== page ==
All About Roasting

Discussion in 'Cookbook Reviews' started by hubuk, Dec 20, 2011.

  1. hubuk


    Likes Received:
    At home cook
    [font=Verdana, Arial, Helvetica, sans-serif]I was delighted by the new book by Molly Stevens called "All About Roasting".[/font]

    [font=Verdana, Arial, Helvetica, sans-serif]I thought I knew all about roasting until I picked up this book. I have been cooking roast dinners for more years than I care to remember so my expectations of learning anything new were very low. And I have to admit I was somewhat prejudiced in my outlook, after all how can anyone from outside the UK, the country famous for its roast beef and Yorkshire pudding, tell us how to cook a roast. How wrong could I have been?[/font]

    [font=Verdana, Arial, Helvetica, sans-serif]I started reading and I was gripped, as if I was reading some crime thriller. I just wanted to know more especially when I came across salting. I had never heard of anyone salting a joint of beef (nor steaks), let alone done it. Sunday could not come quickly enough, or should I say Friday, as I would need to start salting my beef 24 hours before cooking.[/font]

    [font=Verdana, Arial, Helvetica, sans-serif]I was talking to one of the checkout operators in my local supermarket about salting a roasting joint and she said she could remember her mother doing that. So is it a cooking skill we have just forgotten or am I just someone who never learnt it? Be that as it may the book is truly fascinating.[/font]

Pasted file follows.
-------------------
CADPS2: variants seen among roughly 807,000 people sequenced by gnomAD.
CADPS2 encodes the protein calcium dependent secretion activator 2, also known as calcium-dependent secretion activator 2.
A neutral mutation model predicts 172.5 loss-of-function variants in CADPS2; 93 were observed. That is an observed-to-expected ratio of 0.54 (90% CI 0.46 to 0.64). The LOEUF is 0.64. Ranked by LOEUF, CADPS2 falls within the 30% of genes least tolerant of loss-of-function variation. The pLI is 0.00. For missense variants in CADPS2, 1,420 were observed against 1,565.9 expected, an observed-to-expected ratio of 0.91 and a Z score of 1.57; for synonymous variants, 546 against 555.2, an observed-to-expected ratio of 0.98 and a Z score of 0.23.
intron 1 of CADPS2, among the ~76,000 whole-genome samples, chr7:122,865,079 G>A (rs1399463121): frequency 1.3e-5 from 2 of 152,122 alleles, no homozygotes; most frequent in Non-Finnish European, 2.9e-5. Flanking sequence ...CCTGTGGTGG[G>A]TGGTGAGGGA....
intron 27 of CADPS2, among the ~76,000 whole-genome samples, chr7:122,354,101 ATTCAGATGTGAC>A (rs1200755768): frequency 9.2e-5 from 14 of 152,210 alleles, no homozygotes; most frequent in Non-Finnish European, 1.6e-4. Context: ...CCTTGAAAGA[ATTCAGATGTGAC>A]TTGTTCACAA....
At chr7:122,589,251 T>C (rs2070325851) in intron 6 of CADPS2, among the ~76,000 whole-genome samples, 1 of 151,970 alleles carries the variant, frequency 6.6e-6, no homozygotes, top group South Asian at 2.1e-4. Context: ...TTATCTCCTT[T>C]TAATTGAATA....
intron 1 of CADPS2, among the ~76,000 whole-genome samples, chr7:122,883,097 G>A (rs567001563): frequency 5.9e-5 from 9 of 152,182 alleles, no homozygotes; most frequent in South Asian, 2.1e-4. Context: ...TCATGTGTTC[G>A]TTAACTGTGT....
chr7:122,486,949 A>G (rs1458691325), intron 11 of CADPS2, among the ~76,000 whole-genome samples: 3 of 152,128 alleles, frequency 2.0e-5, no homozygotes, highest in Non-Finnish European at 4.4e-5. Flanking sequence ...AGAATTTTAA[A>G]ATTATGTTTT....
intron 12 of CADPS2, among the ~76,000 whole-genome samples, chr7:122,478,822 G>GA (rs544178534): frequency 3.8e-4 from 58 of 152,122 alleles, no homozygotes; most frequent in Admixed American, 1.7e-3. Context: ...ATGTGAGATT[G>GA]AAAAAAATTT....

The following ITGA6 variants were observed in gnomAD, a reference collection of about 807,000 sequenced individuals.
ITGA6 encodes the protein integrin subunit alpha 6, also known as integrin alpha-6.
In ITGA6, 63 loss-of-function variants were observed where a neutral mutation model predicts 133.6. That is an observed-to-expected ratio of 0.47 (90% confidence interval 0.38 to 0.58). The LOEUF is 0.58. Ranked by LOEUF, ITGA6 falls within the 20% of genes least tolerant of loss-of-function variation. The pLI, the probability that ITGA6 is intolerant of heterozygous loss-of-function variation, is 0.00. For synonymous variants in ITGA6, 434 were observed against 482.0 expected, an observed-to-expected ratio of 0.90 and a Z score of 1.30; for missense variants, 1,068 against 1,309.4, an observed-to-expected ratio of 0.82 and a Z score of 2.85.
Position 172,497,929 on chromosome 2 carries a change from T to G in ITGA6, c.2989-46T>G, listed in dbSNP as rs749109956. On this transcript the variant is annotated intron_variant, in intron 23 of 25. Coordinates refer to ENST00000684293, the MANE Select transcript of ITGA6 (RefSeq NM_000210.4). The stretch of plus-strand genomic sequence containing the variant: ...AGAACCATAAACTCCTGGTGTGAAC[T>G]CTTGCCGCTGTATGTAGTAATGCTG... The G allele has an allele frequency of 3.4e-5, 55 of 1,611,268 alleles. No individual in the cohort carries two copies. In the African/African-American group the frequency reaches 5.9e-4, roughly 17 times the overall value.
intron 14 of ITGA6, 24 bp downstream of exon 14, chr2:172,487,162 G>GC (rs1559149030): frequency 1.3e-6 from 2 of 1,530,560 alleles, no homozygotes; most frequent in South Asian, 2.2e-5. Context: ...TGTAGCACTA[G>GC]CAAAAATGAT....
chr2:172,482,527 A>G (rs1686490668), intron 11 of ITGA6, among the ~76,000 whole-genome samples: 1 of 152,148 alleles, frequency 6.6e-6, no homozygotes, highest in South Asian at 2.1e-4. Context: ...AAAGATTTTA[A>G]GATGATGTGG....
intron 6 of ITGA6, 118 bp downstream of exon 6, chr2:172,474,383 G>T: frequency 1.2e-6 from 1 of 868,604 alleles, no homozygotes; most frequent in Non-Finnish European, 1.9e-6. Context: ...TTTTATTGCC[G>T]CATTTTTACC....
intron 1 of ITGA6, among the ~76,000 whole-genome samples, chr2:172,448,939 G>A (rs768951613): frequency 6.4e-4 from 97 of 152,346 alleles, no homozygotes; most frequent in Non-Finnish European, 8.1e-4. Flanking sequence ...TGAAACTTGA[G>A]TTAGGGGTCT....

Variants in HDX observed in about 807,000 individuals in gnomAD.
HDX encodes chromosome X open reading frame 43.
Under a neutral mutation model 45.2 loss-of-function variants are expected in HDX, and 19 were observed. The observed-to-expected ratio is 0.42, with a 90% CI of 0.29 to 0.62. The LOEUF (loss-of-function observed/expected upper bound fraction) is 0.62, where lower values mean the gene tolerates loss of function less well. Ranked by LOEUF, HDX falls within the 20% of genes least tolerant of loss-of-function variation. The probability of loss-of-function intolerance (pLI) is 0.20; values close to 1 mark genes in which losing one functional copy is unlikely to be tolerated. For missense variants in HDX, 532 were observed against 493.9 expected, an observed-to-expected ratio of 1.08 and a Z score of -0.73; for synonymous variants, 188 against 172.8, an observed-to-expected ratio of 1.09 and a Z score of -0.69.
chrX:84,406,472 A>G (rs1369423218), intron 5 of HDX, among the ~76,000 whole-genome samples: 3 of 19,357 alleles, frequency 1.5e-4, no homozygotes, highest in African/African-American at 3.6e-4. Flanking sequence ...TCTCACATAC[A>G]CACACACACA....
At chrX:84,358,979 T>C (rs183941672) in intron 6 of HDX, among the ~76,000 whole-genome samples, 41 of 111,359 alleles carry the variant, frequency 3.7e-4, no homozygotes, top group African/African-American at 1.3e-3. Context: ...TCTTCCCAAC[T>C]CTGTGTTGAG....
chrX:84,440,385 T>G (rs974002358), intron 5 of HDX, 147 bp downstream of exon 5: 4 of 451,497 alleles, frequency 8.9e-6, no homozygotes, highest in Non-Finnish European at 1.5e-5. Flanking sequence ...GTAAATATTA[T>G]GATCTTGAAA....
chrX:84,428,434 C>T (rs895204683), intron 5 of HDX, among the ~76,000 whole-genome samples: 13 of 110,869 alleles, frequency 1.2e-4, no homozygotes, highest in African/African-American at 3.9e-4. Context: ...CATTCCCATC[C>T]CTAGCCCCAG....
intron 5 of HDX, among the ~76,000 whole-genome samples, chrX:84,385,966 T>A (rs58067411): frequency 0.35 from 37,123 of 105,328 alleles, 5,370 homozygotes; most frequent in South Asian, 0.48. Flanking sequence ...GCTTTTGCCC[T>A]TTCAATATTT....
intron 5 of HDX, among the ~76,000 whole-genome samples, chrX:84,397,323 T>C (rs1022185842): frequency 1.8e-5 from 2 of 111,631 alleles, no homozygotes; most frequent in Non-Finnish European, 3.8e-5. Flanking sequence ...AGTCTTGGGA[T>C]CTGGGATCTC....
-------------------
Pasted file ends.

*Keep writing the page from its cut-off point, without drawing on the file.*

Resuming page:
[font=Verdana, Arial, Helvetica, sans-serif]Every kind of roast is covered from the traditional roast dinner through to roast vegetables and fruit, with a whole section on fish. There is even the recipe for British Roast Potatoes.[/font]

    [font=Verdana, Arial, Helvetica, sans-serif]One thing that strikes you as soon as you pick the book up . . . it is heavy and you certainly need to rest it on a table. And it is not just heavy because it is a big book but because there are so many pages just packed with information. The trend these days is for books packed with photographs selling on the appeal of the photographs rather the content of the book. Not so here. Photographs are limited as the book stands on its own for the quality of writing and the sheer knowledge that has gone into its writing.[/font]

    [font=Verdana, Arial, Helvetica, sans-serif]I read in an Amazon review that "This indeed would be a good cookbook and gift for beginning cooks . . ." and it would, but for me this has already proved a real gem. As an experienced cook it is teaching me things I did not know and also reminding me of things I had forgotten over time or through bad habits. I just can't wait to try more form the book.[/font]

    [font=Verdana, Arial, Helvetica, sans-serif]A lot of hard work and time has gone into putting it all together. It is one of those books that should be on your kitchen bookshelf.[/font]

    I have been allowed to publish three recipes on my site if you want to get a feel for the book. (Hope it's OK to say that.)
  2. nicko

    nicko Founder of Staff Member

    Likes Received:
    Former Chef
    Have you read her book "All about braising"? It is one of my favorites and I have been waiting for her to do another book ever since. This is so exciting thanks for sharing.